Once upon a time at TEDMED: The story behind a groundbreaking cancer research collaboration

When we heard that two former TEDMED speakers, Drs. David Agus and Anthony Atala, had been awarded an NIH grant to develop the first-ever integrated bioengineered/computational model of metastatic colon cancer, TEDMED investigated the backstory of their unique collaboration.

It turns out the two met at TEDMED, which makes us proud; our mission is to be a petrie dish in which minds from many realms can mingle and imagine entirely new phenomena. The Agus/Atala collaboration is one example of many — a book arose from a chance meeting in the mens’ room at one TEDMED – and has the potential to make a huge impact on human health.

We asked David Agus to explain how it all came about.

Can you describe how you and Dr. Atala got the idea for this project?

I heard his talk, and he heard mine, and we met at a speaker reception – TEDMED is also very much about what happens between the talks.  When you speak at TEDMED, you’re presenting so the general audience can understand.  But when the two of us got together, we were talking about not just where the technology is today, but where could it go in the future.

shutterstock_75799198We’re both from different domains — I’m an oncologist; Anthony is a surgeon. My group has developed methods of computational cancer modeling; he has a system upon which you can put in a cancer cell and model its growth. Some of the biggest advances in science happen when you cross domains. The NIH had put out a call for submissions to help answer provocative questions in cancer.  So we said, ‘Can we put our two technologies together and make this happen?’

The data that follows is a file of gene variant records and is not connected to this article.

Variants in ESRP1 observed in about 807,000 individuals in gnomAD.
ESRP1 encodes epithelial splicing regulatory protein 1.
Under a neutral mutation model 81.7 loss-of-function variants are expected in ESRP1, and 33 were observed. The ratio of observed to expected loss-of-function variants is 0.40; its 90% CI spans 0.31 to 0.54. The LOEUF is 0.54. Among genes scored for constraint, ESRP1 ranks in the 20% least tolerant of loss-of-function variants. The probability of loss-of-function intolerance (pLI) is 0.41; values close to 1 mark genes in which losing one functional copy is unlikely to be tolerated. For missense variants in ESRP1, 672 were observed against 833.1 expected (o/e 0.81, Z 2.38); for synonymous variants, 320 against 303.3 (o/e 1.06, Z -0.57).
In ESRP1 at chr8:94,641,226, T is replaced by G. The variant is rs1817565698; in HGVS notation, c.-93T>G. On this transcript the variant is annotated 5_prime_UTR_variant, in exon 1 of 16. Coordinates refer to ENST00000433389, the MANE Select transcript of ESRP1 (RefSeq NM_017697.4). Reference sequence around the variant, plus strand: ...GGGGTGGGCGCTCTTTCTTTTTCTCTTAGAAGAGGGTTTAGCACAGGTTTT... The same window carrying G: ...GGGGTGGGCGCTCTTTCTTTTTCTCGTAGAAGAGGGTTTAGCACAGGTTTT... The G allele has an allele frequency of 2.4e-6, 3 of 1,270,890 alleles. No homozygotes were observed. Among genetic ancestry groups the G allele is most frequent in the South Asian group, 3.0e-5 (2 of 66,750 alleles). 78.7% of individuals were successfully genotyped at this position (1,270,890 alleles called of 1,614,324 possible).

TEDMED has always been viewed as an organization for presenting big ideas about science and medicine.  But it’s also an organization for progress. You get people in the room, you give them a substrate — normally a glass of wine — and let them go, and things happen.

What drew you together to work on this?

Listen, we’re both nerds, we’re both into science, but we’re also both clinicians who take care of patients, and that combination is unusual.  We’re also both driven by seeing people dying from disease. It took a couple of years for this project to come to fruition, but both of us are very fortunate to have remarkable teams to help us do that. Many organizations don’t have the resources to do the pilot experiments and to take the risk.

What does it take to get researchers from various fields to come together on something like this?  Are other critical areas making strides?

For good or for bad, cancer doctors are willing to take a lot more risk than those in other areas.  The cancer field is on the forefront of change; the patients want to take more risk, and regulatory agencies have given us the leeway to do so. We don’t have a choice. There have been over a million published papers on cancer; billions of dollars spent on research. Yet, our understanding of disease metastases has made very little progress. We’re obligated to do things differently. For a more chronic disease like Alzheimer’s, risk taking has a different scenario.

Will current students of science and medicine have an easier time of crossing bridges for collaborative discovery once they begin their careers? 

The notion of cross domain thinking, and getting a physician and mathematician and stem cell scientist together is novel and new. Science rewards only the first author and last author on publications, and we’re talking about a team here of six scientists. Who’s going to get credit?  We have to push change.

What have been some of your favorite TEDMED talks?

One experience that truly changed me was hearing Jay Walker talk about the history of the flu. I was shocked; I thought it would be the goofiest presentation in the world. Yet it changed the ways I’ve thought about things and impacted many things that I think and what I write about.

I’ve started going back to primary sources and the historical side of medicine, whether with Hippocrates and epidemiology, or the plague in London. Doctors take care of patients and create observations that may be even more valuable today.  Back then, we had hours to observe, and we’ve lost that power. Anecdotes and stories are all we have to go on in medicine, and these are stories we need to pay serious attention to.